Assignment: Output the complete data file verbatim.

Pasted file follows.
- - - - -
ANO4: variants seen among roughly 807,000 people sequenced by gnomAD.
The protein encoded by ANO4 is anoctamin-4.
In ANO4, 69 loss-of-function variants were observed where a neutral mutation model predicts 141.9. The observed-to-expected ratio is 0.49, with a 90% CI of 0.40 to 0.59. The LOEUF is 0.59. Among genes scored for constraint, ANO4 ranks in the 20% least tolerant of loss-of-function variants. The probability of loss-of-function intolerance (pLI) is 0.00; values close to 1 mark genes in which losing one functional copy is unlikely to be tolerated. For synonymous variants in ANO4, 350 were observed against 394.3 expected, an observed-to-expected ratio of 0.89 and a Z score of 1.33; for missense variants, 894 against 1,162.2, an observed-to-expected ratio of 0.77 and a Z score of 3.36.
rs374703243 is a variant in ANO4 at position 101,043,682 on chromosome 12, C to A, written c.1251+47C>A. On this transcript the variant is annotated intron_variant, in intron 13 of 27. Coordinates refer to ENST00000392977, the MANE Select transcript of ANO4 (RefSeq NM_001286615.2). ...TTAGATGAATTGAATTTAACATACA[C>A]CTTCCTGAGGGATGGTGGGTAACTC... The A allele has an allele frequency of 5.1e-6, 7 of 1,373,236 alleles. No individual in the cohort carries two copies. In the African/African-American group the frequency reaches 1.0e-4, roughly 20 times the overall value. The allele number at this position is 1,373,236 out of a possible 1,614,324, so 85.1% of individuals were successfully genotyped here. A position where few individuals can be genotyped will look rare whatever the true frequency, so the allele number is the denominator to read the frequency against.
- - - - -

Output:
ANO4: variants seen among roughly 807,000 people sequenced by gnomAD.
The protein encoded by ANO4 is anoctamin-4.
In ANO4, 69 loss-of-function variants were observed where a neutral mutation model predicts 141.9. The observed-to-expected ratio is 0.49, with a 90% CI of 0.40 to 0.59. The LOEUF is 0.59. Among genes scored for constraint, ANO4 ranks in the 20% least tolerant of loss-of-function variants. The probability of loss-of-function intolerance (pLI) is 0.00; values close to 1 mark genes in which losing one functional copy is unlikely to be tolerated. For synonymous variants in ANO4, 350 were observed against 394.3 expected, an observed-to-expected ratio of 0.89 and a Z score of 1.33; for missense variants, 894 against 1,162.2, an observed-to-expected ratio of 0.77 and a Z score of 3.36.
rs374703243 is a variant in ANO4 at position 101,043,682 on chromosome 12, C to A, written c.1251+47C>A. On this transcript the variant is annotated intron_variant, in intron 13 of 27. Coordinates refer to ENST00000392977, the MANE Select transcript of ANO4 (RefSeq NM_001286615.2). ...TTAGATGAATTGAATTTAACATACA[C>A]CTTCCTGAGGGATGGTGGGTAACTC... The A allele has an allele frequency of 5.1e-6, 7 of 1,373,236 alleles. No individual in the cohort carries two copies. In the African/African-American group the frequency reaches 1.0e-4, roughly 20 times the overall value. The allele number at this position is 1,373,236 out of a possible 1,614,324, so 85.1% of individuals were successfully genotyped here. A position where few individuals can be genotyped will look rare whatever the true frequency, so the allele number is the denominator to read the frequency against.